As a 22-year-old, he was an older recruit who understood the importance of getting through the difficulties of military training for each day. Always a positive figure, he worked well with the other recruits to make it through their daily routines at Parris Island, South Carolina. 

Sproston always believed that if you did not “embrace the suck,” that it would be difficult to make it through the hardships of training and the discipline of the Marines.  

After he completed this training, Sproston was sent to Camp Geiger, North Carolina, where he learned how to become proficient within infantry training, weapons and tactics. Currently, he is with the Marine Corps Forces Reserve in Garden City, where he serves in an infantry sniper platoon, spends time in the field and enjoys the camaraderie of being in the military.  

While he is proud of his time in the Marines, Sproston is glad to be serving closer to home, to be near his job, friends and family.

Before joining the service, he took the police exam to gain a permanent full-time position within a Suffolk County law enforcement department. He was eventually placed on a lottery and picked by the Riverhead Police Department in 2017.  

Always willing to serve his nation and community, he was extremely pleased to be in uniform through the police and military. As a regular officer, Sproston patrolled the busy traffic and commercial areas of Route 58. This assignment offered him the chance to gain important knowledge of the local citizens, and the types of crimes that are common within this part of Riverhead.  

And so on the day of the crash in March 2020, this police officer was near death, and right away the local fire department was dispatched to respond and provide aid. Service runs deep through the Sproston family, as his father Billy was one of the local fire and emergency support that arrived on this call.  

At this point, his father did not know that his son was the officer in the wrecked vehicle as he approached this scene. Senior fire officials tried to keep his father away as they prepared to move him to Peconic Bay Medical Center in Riverhead.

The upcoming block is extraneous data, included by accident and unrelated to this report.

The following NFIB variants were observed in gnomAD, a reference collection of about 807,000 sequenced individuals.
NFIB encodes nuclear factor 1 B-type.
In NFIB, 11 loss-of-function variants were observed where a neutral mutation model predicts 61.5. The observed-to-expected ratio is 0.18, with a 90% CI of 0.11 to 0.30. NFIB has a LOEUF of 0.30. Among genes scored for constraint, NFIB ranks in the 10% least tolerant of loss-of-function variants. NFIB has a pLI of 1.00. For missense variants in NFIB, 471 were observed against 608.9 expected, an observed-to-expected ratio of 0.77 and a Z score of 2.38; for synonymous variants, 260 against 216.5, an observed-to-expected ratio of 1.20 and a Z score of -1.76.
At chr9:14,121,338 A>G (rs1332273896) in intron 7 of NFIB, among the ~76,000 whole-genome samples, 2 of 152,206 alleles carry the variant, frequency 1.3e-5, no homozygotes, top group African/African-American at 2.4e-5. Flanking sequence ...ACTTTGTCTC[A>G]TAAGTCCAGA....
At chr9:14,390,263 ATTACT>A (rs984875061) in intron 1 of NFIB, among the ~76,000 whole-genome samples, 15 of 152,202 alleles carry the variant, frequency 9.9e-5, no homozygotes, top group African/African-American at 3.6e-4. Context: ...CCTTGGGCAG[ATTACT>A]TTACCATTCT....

Rob Sproston’s face was practically ripped apart from the crash and he lost two pints of blood. He was stabilized at Peconic Bay and was airlifted to Stony Brook University Hospital, where he received major surgery and treatment toward the reconstruction of his face. For two weeks, he was in an induced coma. His father was at his side during this entire ordeal.

Rob Sproston in his Marine uniform. Photo from Rob Sproston

Speaking about these harrowing events, the son was completely reserved as he identified this near-death incident and his amazing recovery.  

This young man still has minor nose-and-mouth surgery ahead, but his iron spirit completely demonstrates his unyielding resolve to continue a normal life. 

Always an active citizen to help his community through the police and to defend our nation within the Marine Corps, Sproston has overcome several obstacles to return to duty. His professional and personal goal was achieved on July 1, 2021, when he was cleared by the police department to return to limited duty. He is looking forward to getting back into a sector car to be in the field.